Joseph Silk, a professor at Johns Hopkins University in Baltimore, Maryland, will receive the prize for his contributions toward understanding the early evolution of the universe. Silk has studied how the initial fluctuations in the cosmic microwave background helped to shape the first galaxies. Russell Lande, a professor at the University of California, San Diego, receives the honor for helping to elucidate the relationship between genes and quantitative traits such as body size in animal populations. Lande's work is now a cornerstone of theoretical population biology. Each Balzan prize awardee receives $950,000. Winners are obligated to allocate half of the prize money to research projects, preferably involving young researchers.

  3. Random Sample

    The Sky Is Falling! (But No Big Deal)


    NASA announced on 9 September that the Upper Atmosphere Research Satellite (UARS), sent into orbit in 1991, is coming back down by the end of this month. Where the remains of UARS will land is unknown, but NASA calculates that the chances of UARS debris hitting a particular human are about 1 in 22 trillion, based on how UARS will likely break up as it hits the atmosphere and the shape and composition of those pieces. Some pieces will burn up; for the 26 surviving pieces, it's a question of how far a piece will travel and what there is to hit (which leaves out the 70% of the planet that's water and everything poleward of 57° latitude, over which UARS does not orbit).

    Even 2 hours before reentry, there will still be so much error in the prediction of the 800-kilometer-long debris-strewn field that it could be anywhere along a 10,000-kilometer-long track. Getting hit is unlikely, but if you are anywhere near that reentry track, it should be quite a sight: a $750 million fireworks display.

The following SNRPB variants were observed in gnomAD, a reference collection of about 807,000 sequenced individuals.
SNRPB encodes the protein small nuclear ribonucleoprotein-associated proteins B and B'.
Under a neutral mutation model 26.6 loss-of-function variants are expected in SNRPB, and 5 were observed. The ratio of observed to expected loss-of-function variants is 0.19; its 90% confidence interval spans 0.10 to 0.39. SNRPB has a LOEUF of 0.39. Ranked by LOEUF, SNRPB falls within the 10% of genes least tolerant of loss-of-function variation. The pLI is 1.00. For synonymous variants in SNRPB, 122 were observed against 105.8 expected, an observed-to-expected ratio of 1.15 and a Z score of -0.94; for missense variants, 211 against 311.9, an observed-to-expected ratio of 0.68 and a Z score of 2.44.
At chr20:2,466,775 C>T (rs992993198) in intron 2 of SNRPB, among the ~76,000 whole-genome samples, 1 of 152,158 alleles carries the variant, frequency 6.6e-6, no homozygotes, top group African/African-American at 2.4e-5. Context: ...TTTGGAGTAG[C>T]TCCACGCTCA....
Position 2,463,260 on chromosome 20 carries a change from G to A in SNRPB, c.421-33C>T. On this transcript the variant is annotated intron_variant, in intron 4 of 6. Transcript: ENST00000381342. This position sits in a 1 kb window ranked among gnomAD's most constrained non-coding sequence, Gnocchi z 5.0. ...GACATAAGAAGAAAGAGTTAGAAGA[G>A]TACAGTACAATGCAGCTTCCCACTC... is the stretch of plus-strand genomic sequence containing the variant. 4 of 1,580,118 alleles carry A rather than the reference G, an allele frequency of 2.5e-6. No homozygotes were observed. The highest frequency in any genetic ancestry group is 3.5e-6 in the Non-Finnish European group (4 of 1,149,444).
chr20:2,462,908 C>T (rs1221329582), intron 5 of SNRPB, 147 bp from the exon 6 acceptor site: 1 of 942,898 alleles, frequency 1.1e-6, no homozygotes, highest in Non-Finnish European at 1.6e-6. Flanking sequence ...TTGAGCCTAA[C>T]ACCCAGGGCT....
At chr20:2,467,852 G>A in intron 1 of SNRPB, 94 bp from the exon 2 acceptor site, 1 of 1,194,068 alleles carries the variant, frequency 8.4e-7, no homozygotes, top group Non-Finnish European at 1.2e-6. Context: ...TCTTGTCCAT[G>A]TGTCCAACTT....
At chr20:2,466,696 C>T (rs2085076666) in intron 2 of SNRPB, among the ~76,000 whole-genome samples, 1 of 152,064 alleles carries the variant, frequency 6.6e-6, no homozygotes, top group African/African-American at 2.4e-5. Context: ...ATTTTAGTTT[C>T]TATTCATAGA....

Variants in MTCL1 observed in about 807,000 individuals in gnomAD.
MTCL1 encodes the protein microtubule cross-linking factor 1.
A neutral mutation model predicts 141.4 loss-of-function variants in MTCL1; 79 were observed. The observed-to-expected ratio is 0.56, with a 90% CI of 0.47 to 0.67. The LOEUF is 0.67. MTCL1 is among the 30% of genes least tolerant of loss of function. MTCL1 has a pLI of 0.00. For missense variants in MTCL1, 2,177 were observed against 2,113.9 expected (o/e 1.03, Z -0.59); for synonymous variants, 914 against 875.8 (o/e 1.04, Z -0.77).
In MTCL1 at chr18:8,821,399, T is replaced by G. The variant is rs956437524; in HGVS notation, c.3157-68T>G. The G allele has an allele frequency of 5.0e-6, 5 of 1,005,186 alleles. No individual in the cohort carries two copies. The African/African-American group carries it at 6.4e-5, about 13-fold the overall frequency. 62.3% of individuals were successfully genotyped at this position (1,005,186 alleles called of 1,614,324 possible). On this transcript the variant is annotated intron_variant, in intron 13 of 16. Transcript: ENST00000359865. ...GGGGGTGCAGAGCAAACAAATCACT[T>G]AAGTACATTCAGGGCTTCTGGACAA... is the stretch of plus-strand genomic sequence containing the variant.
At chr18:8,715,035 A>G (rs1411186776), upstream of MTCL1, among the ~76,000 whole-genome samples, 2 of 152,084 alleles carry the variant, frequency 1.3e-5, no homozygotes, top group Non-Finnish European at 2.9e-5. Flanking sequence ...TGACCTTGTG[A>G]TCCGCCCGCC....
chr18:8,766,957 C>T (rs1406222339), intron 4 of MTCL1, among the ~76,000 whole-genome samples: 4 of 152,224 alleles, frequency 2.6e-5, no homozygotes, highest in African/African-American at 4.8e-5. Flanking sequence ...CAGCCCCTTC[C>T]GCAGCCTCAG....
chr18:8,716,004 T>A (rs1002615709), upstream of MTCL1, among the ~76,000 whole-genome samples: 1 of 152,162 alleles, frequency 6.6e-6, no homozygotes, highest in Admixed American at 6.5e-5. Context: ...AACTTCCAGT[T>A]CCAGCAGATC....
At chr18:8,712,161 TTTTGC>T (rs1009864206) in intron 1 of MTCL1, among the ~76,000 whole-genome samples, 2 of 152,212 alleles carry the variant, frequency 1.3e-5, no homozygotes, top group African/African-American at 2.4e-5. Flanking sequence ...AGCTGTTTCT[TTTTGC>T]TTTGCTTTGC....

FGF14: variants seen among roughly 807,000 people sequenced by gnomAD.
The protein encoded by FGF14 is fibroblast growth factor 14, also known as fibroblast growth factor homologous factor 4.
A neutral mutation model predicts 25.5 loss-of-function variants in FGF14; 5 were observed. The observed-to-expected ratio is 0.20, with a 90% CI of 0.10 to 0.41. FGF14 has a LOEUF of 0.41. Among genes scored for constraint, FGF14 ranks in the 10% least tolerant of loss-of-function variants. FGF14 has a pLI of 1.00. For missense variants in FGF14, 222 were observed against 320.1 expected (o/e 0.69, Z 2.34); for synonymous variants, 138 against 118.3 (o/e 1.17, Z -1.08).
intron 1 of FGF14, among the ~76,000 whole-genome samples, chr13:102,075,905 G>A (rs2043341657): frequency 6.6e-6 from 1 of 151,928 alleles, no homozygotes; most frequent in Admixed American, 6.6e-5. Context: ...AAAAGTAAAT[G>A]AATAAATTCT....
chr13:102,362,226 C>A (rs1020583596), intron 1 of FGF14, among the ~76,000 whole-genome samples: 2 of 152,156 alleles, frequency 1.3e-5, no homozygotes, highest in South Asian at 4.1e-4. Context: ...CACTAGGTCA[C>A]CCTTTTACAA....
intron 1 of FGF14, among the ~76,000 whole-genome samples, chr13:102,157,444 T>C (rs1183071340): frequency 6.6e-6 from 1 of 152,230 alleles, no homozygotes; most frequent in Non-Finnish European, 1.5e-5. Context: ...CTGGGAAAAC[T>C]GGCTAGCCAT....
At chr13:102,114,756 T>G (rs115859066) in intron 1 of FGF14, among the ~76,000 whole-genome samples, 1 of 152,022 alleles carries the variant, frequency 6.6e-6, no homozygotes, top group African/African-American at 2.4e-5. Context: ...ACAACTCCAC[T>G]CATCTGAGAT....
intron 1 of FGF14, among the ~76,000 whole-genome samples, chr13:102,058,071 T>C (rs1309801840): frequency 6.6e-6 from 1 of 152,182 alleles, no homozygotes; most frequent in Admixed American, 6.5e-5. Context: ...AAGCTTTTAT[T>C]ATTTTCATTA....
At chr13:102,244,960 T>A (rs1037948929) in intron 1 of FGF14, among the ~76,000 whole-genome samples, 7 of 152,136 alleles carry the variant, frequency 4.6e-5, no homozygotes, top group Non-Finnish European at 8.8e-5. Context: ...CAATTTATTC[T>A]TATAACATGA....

By the Numbers

    1.46 — Kilograms of carbon dioxide generated by a typical Google user per year, according to the company.

    £1.6 billion — Amount that science funding in the United Kingdom will decline by 2014–15, according to an analysis released 14 September by the Campaign for Science & Engineering.

    Search and Rescue, Without the Dogs


    The nose of a German shepherd in a convenient, carry-on-sized backpack? Coming soon, says Paul Thomas, a chemist at Loughborough University in the United Kingdom. Thomas was inspired to develop toteable life sensors for search and rescue teams after speaking with a member of the U.S. National Guard who led a team of searchers locating people trapped in the wreckage of New Orleans after Hurricane Katrina ravaged the city in 2005 (pictured right). After 8 hours of hunting, Thomas says, the guard's team was exhausted.